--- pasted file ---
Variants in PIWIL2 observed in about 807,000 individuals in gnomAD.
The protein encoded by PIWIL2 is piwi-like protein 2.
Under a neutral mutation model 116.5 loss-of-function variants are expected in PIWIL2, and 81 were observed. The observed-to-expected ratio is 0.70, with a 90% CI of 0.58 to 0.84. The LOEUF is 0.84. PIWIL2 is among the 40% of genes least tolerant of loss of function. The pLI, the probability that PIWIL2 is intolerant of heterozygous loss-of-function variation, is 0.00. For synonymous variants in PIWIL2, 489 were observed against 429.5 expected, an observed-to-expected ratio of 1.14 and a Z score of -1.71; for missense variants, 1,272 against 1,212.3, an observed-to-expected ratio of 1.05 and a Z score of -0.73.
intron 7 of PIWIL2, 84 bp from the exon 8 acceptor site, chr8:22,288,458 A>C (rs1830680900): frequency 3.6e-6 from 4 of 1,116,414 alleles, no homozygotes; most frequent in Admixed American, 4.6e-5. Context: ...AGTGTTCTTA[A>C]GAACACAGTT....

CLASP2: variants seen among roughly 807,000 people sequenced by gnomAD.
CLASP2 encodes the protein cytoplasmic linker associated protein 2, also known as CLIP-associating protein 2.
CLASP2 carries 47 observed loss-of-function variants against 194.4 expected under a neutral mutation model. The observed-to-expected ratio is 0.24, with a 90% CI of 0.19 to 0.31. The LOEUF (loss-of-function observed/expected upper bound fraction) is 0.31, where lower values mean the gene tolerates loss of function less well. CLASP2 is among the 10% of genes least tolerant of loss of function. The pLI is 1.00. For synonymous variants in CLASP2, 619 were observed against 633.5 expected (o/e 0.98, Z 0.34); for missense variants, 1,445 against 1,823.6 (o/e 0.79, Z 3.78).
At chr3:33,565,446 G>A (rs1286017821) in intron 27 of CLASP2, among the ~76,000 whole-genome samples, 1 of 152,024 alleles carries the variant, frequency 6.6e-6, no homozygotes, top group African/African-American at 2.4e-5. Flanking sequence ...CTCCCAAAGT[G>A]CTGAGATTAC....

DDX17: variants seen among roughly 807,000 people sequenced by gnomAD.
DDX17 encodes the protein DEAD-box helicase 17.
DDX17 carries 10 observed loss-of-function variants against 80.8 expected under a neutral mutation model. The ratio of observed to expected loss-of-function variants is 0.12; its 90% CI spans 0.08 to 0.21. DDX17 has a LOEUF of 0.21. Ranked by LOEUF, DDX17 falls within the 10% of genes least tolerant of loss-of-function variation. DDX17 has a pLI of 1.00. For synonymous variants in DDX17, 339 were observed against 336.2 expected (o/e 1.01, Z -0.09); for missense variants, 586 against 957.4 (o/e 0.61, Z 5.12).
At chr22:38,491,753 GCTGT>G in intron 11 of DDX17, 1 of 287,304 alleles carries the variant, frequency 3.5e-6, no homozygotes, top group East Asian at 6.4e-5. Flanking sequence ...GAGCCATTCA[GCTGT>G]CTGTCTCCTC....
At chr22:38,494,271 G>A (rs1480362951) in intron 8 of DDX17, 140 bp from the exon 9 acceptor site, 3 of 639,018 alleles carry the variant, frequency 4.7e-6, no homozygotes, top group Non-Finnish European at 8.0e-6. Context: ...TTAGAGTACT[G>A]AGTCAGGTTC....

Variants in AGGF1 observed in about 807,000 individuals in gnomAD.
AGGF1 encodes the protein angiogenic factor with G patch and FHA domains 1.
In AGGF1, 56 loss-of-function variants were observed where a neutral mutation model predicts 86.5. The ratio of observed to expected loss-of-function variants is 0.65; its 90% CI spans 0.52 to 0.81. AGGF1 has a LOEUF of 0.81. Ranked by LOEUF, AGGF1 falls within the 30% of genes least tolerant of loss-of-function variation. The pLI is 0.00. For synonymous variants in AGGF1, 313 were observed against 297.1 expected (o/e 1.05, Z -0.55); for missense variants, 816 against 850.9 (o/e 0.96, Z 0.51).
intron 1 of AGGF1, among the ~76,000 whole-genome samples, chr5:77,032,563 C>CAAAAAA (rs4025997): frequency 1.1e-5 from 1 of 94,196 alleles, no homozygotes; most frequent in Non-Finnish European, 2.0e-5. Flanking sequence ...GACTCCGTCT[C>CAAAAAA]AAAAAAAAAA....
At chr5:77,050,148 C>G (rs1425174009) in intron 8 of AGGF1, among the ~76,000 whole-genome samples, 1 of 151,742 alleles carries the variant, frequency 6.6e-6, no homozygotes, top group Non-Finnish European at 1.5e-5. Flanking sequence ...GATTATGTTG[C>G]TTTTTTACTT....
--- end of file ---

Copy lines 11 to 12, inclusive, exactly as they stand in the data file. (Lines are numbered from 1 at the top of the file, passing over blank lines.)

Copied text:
DDX17 carries 10 observed loss-of-function variants against 80.8 expected under a neutral mutation model. The ratio of observed to expected loss-of-function variants is 0.12; its 90% CI spans 0.08 to 0.21. DDX17 has a LOEUF of 0.21. Ranked by LOEUF, DDX17 falls within the 10% of genes least tolerant of loss-of-function variation. DDX17 has a pLI of 1.00. For synonymous variants in DDX17, 339 were observed against 336.2 expected (o/e 1.01, Z -0.09); for missense variants, 586 against 957.4 (o/e 0.61, Z 5.12).
At chr22:38,491,753 GCTGT>G in intron 11 of DDX17, 1 of 287,304 alleles carries the variant, frequency 3.5e-6, no homozygotes, top group East Asian at 6.4e-5. Flanking sequence ...GAGCCATTCA[GCTGT>G]CTGTCTCCTC....